After Awon and her sisters left, Oba Lanibo, the Ohoro of Shao and his chiefs told Mogaji Gbenagbena, the head of wood carvers to make a wooden image of the one breasted Awon and that of her sisters so as to immortalize them and have a symbol of their presence in Shao.
He then made a decree that the Awon mass wedding festival be held every year in Shao in remembrance of Awon and her sisters.
A family was also chosen as the custodian of the images and also to watch over the spot where Awon disappeared. This family is now known as “Ile Alawon”, this means the custodian of Awon.
A particular person in the house is then chosen to make rituals and sacrifices to Awon Goddess, this person is the priest of Awon, called “Baba Alawon”. Anybody chosen as the priest of Awon is forbidden from crossing rivers.
After all the marriage steps have been concluded between a young man and woman and the parents have accepted that they can get married.
The fixing of the date of the wedding will follow. The date fixing involves a lot of participants, the Awon priest being the most important person.
The other people involved in the date fixing are the Iboo, the Ajankii and the traditional/religious leaders in Shao community.
Everyone will gather at the Alawon compound which houses the Awon Shrine. When Awon accepts the day fixed for the marriage, the women in Awon compound will start celebrating by singing and dancing round the town and jingling a bell called the Agogo Awon.
This ringing of this bell is to inform the whole community that the day for the Awon mass wedding has been fixed. Food is then prepared for the people that came to witness the date fixing.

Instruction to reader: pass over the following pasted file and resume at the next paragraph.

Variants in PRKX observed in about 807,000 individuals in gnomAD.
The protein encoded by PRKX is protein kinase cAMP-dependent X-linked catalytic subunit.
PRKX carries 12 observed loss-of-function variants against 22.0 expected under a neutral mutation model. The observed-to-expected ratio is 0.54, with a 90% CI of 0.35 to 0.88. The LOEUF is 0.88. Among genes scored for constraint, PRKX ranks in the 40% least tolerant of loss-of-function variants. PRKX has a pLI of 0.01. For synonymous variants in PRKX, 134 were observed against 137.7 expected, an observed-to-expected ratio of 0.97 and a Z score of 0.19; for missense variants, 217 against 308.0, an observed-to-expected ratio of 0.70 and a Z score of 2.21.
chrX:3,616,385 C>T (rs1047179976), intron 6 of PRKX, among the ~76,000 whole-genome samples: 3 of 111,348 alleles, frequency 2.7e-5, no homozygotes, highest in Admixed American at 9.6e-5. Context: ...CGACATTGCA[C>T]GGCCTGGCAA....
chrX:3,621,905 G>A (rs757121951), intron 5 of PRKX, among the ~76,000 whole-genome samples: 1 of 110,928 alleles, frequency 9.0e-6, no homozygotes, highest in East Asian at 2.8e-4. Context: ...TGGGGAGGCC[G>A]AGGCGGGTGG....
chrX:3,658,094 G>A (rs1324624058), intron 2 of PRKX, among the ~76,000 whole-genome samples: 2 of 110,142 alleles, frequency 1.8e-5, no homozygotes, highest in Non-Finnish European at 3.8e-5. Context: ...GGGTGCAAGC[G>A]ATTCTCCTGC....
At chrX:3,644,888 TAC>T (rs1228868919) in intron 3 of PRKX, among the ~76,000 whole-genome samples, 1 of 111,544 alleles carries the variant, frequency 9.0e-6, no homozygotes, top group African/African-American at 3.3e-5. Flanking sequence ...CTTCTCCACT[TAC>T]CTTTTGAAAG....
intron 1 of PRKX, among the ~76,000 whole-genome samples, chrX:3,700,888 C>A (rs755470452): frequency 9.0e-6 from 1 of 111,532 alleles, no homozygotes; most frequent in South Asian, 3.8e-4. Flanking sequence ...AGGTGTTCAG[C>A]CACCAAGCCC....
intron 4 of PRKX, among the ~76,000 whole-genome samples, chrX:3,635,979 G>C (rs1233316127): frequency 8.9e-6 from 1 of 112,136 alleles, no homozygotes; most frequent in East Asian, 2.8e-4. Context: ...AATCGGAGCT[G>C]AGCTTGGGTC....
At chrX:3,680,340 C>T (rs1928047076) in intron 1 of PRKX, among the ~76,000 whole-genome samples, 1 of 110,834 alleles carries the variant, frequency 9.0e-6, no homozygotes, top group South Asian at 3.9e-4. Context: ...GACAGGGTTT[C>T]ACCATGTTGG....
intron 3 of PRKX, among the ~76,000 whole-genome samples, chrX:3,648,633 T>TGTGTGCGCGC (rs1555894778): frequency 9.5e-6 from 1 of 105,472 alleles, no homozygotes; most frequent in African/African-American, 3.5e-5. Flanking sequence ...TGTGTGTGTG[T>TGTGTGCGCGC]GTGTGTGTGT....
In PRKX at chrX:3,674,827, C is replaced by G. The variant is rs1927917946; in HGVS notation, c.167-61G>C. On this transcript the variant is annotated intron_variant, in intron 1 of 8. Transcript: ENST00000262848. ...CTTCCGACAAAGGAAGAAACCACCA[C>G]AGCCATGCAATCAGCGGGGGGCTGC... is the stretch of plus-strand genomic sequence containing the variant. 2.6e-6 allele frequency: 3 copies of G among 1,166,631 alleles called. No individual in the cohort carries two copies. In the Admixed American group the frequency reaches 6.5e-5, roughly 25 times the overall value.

After the announcement has been made, parents of the couples will start preparations in earnest for the wedding. They will make provision for food and drinks for guests; they will also have to buy clothes for their sons and daughters.
The bride’s parent has to buy her the items she will use in her husband’s house. These items include plates, cups, spoons, pots, mats and other cooking utensils.
The parents will also send invitations for the wedding to their people to let them know the date that has been chosen for the Awon mass wedding.
On the day of the Awon mass wedding, there is a lot of cooking is done by the parents of the bride and groom and well-wishers also help them out.
There is a lot of dancing during the festival. In the past, after the marriage ceremony, the bride, their relatives and friends will clap and sing and go to the shrine of Awon to pray for a successful marriage.
This is no longer in practice because of the influence of religion, what they do now is to go to their church or their mosque to pray and do thanksgiving for the marriage.
The Awon dance festival takes place two months after the mass wedding and every woman in Shao must take part in the dance.
On this day, every woman must stay at home to make bean cakes for Awon. Any woman that flounts this order and goes out will be chased back home by a masquerade caleed “Duo Dika”.
The dance commences in the afternoon with the women assembling in front of the Baba Alawon’s house. Drummers are also present to play at the event.
There is a lot of singing and dancing during the festival. At a time, the dancing becomes so rigorous and the masquerade makes an appearance again.
The masquerade proceeds to chasing the women out of the dance arena and they run to their various homes. The festival day usually ends at about 6 o’ clock in the evening.
The Awon Festival is one that the people of Shao look forward to with anticipation every year.